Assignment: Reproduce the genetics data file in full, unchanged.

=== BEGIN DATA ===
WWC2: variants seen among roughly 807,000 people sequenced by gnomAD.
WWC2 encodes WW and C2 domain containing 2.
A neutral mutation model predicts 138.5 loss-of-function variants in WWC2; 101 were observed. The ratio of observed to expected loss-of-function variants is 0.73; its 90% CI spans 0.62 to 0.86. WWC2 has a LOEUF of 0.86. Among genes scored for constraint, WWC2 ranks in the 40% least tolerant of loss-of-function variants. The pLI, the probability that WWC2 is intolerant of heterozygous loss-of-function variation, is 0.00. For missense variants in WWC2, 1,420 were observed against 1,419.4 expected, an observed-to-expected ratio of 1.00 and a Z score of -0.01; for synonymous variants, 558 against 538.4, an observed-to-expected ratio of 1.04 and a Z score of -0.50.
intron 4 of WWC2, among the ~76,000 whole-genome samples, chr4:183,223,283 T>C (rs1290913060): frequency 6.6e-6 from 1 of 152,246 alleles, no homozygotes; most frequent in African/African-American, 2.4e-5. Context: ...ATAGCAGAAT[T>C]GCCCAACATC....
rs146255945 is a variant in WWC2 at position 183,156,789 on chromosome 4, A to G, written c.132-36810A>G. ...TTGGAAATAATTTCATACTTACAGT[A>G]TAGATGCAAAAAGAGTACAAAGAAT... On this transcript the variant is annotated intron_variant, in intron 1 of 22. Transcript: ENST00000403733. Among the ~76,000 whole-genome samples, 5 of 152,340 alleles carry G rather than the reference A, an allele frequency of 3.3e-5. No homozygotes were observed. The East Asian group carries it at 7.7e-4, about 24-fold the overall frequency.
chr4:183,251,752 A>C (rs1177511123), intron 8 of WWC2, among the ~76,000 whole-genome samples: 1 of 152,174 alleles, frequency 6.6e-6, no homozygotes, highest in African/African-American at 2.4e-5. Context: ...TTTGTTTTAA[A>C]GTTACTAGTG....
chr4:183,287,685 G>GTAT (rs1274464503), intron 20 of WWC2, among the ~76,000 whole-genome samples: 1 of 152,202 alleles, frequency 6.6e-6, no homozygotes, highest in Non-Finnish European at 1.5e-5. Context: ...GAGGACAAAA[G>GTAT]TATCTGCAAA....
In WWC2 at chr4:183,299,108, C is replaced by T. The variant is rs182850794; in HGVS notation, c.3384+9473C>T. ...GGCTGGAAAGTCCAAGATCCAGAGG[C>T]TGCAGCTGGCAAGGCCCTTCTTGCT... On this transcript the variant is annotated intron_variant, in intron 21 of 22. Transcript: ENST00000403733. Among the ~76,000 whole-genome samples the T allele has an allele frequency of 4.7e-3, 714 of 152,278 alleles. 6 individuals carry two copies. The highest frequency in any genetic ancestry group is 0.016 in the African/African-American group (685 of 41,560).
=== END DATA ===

WWC2: variants seen among roughly 807,000 people sequenced by gnomAD.
WWC2 encodes WW and C2 domain containing 2.
A neutral mutation model predicts 138.5 loss-of-function variants in WWC2; 101 were observed. The ratio of observed to expected loss-of-function variants is 0.73; its 90% CI spans 0.62 to 0.86. WWC2 has a LOEUF of 0.86. Among genes scored for constraint, WWC2 ranks in the 40% least tolerant of loss-of-function variants. The pLI, the probability that WWC2 is intolerant of heterozygous loss-of-function variation, is 0.00. For missense variants in WWC2, 1,420 were observed against 1,419.4 expected, an observed-to-expected ratio of 1.00 and a Z score of -0.01; for synonymous variants, 558 against 538.4, an observed-to-expected ratio of 1.04 and a Z score of -0.50.
intron 4 of WWC2, among the ~76,000 whole-genome samples, chr4:183,223,283 T>C (rs1290913060): frequency 6.6e-6 from 1 of 152,246 alleles, no homozygotes; most frequent in African/African-American, 2.4e-5. Context: ...ATAGCAGAAT[T>C]GCCCAACATC....
rs146255945 is a variant in WWC2 at position 183,156,789 on chromosome 4, A to G, written c.132-36810A>G. ...TTGGAAATAATTTCATACTTACAGT[A>G]TAGATGCAAAAAGAGTACAAAGAAT... On this transcript the variant is annotated intron_variant, in intron 1 of 22. Transcript: ENST00000403733. Among the ~76,000 whole-genome samples, 5 of 152,340 alleles carry G rather than the reference A, an allele frequency of 3.3e-5. No homozygotes were observed. The East Asian group carries it at 7.7e-4, about 24-fold the overall frequency.
chr4:183,251,752 A>C (rs1177511123), intron 8 of WWC2, among the ~76,000 whole-genome samples: 1 of 152,174 alleles, frequency 6.6e-6, no homozygotes, highest in African/African-American at 2.4e-5. Context: ...TTTGTTTTAA[A>C]GTTACTAGTG....
chr4:183,287,685 G>GTAT (rs1274464503), intron 20 of WWC2, among the ~76,000 whole-genome samples: 1 of 152,202 alleles, frequency 6.6e-6, no homozygotes, highest in Non-Finnish European at 1.5e-5. Context: ...GAGGACAAAA[G>GTAT]TATCTGCAAA....
In WWC2 at chr4:183,299,108, C is replaced by T. The variant is rs182850794; in HGVS notation, c.3384+9473C>T. ...GGCTGGAAAGTCCAAGATCCAGAGG[C>T]TGCAGCTGGCAAGGCCCTTCTTGCT... On this transcript the variant is annotated intron_variant, in intron 21 of 22. Transcript: ENST00000403733. Among the ~76,000 whole-genome samples the T allele has an allele frequency of 4.7e-3, 714 of 152,278 alleles. 6 individuals carry two copies. The highest frequency in any genetic ancestry group is 0.016 in the African/African-American group (685 of 41,560).